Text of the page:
They just couldn’t completely close the gap because they couldn’t get consistent stops — the Cavaliers shot 60 percent as a team for the game, and a ridiculous true shooting percentage of 59.6. Cleveland mercilessly hunted Rozier on switches — forcing him on to LeBron or Kevin Love then attacking — and the Cavs got enough from their role players. Tristan Thompson did what he needed to bringing energy in the paint and some defense, plus he had 13 points. Korver was diving on the floor for loose balls. Larry Nance Jr. had his second good game in a row. George Hill had 13 points.

And whenever the Cavaliers needed a play, they had LeBron to turn to. He set another NBA record on Monday night, most playoff field goals made for a career.

LeBron is what needs to worry Boston most of all. The Celtics will be better at home in Game 5 — they have not lost in TD Garden all postseason — but if this thing goes seven, it’s a dangerous thing when the other team has the best player on the planet.

LeBron James passes Kareem to become all-time leader in playoff made field goals

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LeBron James is already the NBA’s all-time leading playoff scorer, having passed Michael Jordan last postseason.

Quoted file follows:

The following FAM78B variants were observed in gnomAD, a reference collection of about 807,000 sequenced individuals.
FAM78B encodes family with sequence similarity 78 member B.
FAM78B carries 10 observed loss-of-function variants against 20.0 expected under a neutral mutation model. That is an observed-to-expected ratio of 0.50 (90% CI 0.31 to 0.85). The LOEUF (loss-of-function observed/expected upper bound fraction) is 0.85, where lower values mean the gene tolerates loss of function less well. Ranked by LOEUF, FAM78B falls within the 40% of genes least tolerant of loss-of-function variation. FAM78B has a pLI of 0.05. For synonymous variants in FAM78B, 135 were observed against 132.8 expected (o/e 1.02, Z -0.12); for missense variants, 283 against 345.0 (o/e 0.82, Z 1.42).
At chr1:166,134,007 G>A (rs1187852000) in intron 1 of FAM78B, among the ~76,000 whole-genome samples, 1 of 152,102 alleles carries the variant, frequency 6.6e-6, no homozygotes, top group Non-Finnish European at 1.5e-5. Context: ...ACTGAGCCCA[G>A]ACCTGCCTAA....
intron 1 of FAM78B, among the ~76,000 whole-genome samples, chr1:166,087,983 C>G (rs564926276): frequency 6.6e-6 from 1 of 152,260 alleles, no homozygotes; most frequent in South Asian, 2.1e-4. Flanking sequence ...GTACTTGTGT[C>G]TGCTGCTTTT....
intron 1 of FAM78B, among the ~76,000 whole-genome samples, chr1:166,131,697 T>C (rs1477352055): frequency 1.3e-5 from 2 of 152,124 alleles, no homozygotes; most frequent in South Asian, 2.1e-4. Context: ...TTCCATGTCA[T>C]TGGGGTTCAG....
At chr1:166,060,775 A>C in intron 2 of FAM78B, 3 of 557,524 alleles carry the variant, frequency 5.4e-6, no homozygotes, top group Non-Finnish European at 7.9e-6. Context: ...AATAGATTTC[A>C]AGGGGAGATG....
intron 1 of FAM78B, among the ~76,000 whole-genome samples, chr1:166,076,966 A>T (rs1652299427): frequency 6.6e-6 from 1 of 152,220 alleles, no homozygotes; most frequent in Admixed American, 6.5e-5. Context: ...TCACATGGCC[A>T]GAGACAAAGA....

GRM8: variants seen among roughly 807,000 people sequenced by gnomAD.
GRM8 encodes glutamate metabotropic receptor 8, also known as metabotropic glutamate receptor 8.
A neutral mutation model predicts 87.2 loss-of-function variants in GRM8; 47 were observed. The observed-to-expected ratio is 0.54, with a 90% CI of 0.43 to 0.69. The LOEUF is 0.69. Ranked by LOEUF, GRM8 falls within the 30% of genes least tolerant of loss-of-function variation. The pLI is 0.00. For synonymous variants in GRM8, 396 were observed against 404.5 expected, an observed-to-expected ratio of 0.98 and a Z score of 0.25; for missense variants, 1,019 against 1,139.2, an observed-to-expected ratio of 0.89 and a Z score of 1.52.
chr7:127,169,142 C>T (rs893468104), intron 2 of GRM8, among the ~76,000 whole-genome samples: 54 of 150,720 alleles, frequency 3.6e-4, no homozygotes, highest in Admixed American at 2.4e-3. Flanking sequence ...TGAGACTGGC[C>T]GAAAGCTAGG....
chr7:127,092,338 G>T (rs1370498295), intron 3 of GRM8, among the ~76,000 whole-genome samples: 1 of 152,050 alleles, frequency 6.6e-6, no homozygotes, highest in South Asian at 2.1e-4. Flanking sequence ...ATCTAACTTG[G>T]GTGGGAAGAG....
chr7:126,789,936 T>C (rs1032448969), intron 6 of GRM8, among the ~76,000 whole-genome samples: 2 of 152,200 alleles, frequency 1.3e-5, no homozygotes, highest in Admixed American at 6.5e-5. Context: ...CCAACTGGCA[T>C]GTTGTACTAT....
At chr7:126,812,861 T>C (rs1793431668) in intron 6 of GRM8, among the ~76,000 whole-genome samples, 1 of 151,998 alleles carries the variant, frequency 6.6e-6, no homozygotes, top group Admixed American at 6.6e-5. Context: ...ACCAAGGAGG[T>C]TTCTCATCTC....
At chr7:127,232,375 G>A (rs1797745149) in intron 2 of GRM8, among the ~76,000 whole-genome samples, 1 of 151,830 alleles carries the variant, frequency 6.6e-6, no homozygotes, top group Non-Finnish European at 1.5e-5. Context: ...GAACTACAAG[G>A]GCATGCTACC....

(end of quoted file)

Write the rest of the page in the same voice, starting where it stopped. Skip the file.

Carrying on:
However, LeBron racked up his buckets in the era of the three-point shot (as did Jordan, to a lesser extent), so Kareem Abdul-Jabbar was the all-time leader in field goals made in the postseason. A lot of them beautiful skyhooks that still give Celtics fans nightmares.

Monday night, LeBron made history passing Abdul-Jabar for the top spot in NBA playoff made field goals.

Just add that to the already insane resume.

Kevin Love with insane touchdown outlet to LeBron James for bucket

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Not sure what part of this was better.

Was it Kevin Love‘s length-of-the-court outlet touchdown pass that was right on the money, where only the receiver could get it?

Or was it LeBron James, with a catch in a crowd that would make Julio Jones’ draw drop?

Either way, this first quarter bucket from the Cavaliers may well be the play of the game.